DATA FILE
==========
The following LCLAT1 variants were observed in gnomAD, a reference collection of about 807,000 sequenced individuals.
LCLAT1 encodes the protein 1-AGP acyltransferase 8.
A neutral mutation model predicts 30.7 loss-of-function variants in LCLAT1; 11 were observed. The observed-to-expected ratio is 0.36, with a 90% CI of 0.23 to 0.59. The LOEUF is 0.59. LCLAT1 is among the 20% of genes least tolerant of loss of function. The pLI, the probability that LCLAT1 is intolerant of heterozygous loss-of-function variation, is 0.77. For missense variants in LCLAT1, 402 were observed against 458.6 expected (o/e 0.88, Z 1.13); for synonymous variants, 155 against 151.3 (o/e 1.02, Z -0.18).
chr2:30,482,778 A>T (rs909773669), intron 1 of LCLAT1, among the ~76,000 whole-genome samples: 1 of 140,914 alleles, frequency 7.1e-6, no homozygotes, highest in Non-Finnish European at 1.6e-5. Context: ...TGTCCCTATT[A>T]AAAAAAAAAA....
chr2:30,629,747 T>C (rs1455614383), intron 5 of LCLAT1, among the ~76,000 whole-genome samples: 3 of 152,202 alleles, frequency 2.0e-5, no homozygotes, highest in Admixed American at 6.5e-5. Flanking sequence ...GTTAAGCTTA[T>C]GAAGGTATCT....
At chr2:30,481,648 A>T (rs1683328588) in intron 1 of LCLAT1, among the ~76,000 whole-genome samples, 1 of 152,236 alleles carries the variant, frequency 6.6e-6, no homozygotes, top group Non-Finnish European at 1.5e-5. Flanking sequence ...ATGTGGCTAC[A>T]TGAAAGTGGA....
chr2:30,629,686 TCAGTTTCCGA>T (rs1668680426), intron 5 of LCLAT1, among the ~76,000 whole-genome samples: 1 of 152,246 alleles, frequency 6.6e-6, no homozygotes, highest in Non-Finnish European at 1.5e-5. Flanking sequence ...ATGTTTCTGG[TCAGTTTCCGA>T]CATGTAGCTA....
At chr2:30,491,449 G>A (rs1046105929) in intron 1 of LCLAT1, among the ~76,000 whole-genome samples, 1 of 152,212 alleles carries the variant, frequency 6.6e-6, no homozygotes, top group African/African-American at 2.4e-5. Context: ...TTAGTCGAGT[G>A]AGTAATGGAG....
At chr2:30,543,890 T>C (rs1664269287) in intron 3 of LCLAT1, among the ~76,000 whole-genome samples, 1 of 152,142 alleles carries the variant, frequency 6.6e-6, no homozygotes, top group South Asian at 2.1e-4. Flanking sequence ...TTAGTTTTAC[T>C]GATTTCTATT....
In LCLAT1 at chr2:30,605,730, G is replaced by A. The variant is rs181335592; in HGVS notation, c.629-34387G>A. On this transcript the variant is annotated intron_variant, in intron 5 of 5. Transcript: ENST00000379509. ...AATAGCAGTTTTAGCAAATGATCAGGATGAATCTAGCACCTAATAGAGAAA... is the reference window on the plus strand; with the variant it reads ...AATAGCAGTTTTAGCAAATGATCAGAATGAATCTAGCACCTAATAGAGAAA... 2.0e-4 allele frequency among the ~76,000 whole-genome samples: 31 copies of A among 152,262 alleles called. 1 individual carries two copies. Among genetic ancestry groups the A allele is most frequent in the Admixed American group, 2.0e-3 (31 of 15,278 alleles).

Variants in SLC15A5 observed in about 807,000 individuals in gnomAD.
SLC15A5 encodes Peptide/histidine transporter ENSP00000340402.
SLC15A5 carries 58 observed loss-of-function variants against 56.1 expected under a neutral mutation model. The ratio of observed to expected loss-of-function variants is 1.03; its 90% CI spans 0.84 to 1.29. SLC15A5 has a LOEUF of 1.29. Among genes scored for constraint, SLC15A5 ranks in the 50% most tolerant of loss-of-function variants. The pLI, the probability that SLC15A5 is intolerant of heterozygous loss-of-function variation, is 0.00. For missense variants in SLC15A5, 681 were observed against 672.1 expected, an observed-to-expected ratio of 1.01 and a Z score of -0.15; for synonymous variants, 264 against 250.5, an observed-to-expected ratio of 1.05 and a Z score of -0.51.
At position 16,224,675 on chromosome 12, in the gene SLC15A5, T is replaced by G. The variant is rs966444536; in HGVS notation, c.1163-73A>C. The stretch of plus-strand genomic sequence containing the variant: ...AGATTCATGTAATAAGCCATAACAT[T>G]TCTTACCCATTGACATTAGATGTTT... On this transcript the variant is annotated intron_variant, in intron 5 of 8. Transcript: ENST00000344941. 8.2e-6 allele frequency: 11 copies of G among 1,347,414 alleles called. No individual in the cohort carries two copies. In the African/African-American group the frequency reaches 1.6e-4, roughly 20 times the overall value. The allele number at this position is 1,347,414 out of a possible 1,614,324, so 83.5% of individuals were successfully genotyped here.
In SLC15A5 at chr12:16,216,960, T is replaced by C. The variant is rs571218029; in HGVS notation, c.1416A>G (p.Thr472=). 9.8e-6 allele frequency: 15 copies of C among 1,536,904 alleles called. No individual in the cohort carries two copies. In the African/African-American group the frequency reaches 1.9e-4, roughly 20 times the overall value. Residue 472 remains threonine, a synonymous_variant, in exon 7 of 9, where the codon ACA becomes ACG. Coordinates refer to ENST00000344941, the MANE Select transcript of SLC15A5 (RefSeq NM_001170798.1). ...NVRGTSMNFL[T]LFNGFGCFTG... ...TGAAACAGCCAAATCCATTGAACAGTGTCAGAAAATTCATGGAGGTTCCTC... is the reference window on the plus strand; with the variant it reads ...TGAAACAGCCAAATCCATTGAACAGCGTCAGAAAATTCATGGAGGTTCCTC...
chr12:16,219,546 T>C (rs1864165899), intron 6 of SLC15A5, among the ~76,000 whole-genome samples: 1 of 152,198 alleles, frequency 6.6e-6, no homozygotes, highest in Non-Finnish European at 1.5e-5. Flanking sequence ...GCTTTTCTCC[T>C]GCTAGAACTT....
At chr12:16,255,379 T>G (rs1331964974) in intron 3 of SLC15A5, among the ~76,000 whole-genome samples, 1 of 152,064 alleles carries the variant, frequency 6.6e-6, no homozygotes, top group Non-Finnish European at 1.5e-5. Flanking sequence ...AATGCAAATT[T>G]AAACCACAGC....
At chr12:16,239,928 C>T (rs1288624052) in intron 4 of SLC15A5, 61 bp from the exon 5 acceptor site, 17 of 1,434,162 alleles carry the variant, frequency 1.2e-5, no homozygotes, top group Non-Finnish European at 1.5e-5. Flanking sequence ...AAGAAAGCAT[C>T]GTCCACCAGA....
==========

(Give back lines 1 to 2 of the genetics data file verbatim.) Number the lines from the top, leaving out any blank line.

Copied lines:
The following LCLAT1 variants were observed in gnomAD, a reference collection of about 807,000 sequenced individuals.
LCLAT1 encodes the protein 1-AGP acyltransferase 8.